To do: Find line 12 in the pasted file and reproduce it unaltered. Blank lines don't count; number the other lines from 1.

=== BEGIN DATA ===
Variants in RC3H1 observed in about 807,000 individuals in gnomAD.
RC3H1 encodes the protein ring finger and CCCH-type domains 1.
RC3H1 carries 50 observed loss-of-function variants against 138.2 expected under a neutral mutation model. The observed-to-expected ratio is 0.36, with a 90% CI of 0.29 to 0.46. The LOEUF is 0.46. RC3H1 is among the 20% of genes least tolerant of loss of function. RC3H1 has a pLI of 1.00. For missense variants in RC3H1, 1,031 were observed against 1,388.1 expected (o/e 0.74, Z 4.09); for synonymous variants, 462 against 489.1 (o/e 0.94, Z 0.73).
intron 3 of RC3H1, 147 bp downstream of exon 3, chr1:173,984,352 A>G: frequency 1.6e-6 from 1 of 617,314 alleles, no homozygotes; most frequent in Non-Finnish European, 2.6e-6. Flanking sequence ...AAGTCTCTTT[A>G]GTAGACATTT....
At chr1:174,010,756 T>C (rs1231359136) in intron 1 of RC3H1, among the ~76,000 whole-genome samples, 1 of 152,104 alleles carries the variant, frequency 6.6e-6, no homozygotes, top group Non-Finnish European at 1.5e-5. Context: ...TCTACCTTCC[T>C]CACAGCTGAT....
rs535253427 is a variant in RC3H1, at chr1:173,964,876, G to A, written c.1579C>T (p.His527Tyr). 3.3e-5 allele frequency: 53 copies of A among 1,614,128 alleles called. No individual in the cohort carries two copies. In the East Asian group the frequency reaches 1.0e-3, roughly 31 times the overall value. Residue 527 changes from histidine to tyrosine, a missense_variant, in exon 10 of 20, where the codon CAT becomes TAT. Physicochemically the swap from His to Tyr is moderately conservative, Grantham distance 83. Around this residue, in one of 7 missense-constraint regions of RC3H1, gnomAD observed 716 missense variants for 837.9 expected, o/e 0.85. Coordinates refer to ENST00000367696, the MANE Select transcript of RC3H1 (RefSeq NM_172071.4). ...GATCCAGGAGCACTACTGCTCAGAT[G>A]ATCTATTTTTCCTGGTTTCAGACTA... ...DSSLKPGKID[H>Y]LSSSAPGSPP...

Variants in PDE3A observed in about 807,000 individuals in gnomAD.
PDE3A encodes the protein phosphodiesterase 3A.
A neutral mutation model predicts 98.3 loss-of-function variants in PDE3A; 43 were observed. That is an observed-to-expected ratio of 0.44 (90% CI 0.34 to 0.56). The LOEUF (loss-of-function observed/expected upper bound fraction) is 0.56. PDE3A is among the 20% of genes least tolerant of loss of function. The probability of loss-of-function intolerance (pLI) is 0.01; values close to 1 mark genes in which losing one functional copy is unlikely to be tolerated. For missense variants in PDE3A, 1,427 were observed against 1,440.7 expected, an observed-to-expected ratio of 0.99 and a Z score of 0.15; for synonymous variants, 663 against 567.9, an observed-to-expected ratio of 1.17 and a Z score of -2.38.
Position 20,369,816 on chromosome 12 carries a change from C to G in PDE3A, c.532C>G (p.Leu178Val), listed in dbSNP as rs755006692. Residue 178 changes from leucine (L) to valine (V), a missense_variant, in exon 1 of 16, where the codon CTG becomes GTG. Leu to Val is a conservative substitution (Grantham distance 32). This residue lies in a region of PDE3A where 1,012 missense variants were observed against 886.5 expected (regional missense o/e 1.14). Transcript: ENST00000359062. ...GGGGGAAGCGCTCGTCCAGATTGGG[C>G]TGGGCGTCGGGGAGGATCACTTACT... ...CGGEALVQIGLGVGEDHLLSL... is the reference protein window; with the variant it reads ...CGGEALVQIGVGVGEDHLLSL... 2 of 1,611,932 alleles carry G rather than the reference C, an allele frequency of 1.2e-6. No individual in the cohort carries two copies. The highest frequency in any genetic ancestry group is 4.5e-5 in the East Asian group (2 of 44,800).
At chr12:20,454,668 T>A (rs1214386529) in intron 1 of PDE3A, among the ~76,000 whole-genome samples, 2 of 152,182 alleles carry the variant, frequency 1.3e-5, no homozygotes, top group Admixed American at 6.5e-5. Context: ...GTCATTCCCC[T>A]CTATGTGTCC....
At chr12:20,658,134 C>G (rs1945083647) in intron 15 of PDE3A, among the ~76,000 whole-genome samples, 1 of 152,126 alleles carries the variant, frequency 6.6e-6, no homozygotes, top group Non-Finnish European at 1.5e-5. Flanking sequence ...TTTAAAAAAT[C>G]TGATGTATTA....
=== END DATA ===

At chr12:20,658,134 C>G (rs1945083647) in intron 15 of PDE3A, among the ~76,000 whole-genome samples, 1 of 152,126 alleles carries the variant, frequency 6.6e-6, no homozygotes, top group Non-Finnish European at 1.5e-5. Flanking sequence ...TTTAAAAAAT[C>G]TGATGTATTA....